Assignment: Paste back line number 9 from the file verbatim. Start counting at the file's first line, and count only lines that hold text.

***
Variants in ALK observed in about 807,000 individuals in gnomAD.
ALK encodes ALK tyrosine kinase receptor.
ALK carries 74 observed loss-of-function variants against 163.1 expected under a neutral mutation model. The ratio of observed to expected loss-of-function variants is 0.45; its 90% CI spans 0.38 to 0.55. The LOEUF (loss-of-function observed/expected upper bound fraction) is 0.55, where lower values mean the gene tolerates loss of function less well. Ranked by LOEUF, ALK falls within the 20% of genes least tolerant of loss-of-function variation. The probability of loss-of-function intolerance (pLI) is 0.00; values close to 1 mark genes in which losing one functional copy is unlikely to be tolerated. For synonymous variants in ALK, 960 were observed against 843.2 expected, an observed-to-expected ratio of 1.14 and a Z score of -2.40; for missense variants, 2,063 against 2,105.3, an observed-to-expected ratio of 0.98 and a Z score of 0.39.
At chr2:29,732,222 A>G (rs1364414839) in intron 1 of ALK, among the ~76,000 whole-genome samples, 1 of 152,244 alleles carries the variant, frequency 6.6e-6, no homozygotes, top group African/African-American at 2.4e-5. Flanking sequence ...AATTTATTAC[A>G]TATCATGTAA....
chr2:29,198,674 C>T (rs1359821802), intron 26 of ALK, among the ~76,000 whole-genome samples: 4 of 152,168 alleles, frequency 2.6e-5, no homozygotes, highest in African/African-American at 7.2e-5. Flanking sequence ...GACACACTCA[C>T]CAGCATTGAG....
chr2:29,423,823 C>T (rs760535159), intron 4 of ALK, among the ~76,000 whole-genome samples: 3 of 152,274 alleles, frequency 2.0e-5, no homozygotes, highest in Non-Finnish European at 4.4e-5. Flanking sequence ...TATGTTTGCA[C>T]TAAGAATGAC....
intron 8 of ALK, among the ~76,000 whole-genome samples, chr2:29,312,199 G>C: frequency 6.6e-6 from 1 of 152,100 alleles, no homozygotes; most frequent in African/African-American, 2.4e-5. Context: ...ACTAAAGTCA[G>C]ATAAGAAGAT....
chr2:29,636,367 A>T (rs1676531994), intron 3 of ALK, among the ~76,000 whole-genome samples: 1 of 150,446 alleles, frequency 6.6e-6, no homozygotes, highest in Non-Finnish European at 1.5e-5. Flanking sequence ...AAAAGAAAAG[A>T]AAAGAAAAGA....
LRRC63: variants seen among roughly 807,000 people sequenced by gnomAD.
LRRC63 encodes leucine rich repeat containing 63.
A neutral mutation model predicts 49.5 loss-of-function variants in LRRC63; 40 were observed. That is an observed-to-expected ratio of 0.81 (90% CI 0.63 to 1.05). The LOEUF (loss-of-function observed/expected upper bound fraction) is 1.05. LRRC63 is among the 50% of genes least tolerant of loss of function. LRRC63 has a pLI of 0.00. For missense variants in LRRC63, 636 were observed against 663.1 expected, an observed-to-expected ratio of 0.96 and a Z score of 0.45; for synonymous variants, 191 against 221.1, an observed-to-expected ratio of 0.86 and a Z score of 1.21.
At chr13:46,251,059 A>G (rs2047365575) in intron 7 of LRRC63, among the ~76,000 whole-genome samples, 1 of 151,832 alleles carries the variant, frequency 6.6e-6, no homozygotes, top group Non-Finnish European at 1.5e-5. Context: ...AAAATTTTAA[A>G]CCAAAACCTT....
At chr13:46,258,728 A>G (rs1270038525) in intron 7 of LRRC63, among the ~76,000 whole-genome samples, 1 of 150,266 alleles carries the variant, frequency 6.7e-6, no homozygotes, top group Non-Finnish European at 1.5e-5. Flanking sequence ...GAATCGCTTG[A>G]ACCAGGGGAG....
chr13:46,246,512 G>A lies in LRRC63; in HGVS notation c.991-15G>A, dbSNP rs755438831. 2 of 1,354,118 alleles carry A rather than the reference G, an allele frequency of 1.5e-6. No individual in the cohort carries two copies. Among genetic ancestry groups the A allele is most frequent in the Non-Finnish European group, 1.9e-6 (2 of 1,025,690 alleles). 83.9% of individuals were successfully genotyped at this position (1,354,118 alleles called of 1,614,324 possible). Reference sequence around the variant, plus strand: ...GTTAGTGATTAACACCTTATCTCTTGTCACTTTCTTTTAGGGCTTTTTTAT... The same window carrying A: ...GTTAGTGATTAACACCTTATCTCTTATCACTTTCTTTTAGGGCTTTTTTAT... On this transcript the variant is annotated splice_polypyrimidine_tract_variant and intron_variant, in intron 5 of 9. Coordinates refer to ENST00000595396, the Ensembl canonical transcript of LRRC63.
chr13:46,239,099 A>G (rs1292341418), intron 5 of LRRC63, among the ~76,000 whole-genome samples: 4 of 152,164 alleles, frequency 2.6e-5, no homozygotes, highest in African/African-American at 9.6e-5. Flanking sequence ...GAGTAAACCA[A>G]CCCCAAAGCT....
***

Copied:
LRRC63: variants seen among roughly 807,000 people sequenced by gnomAD.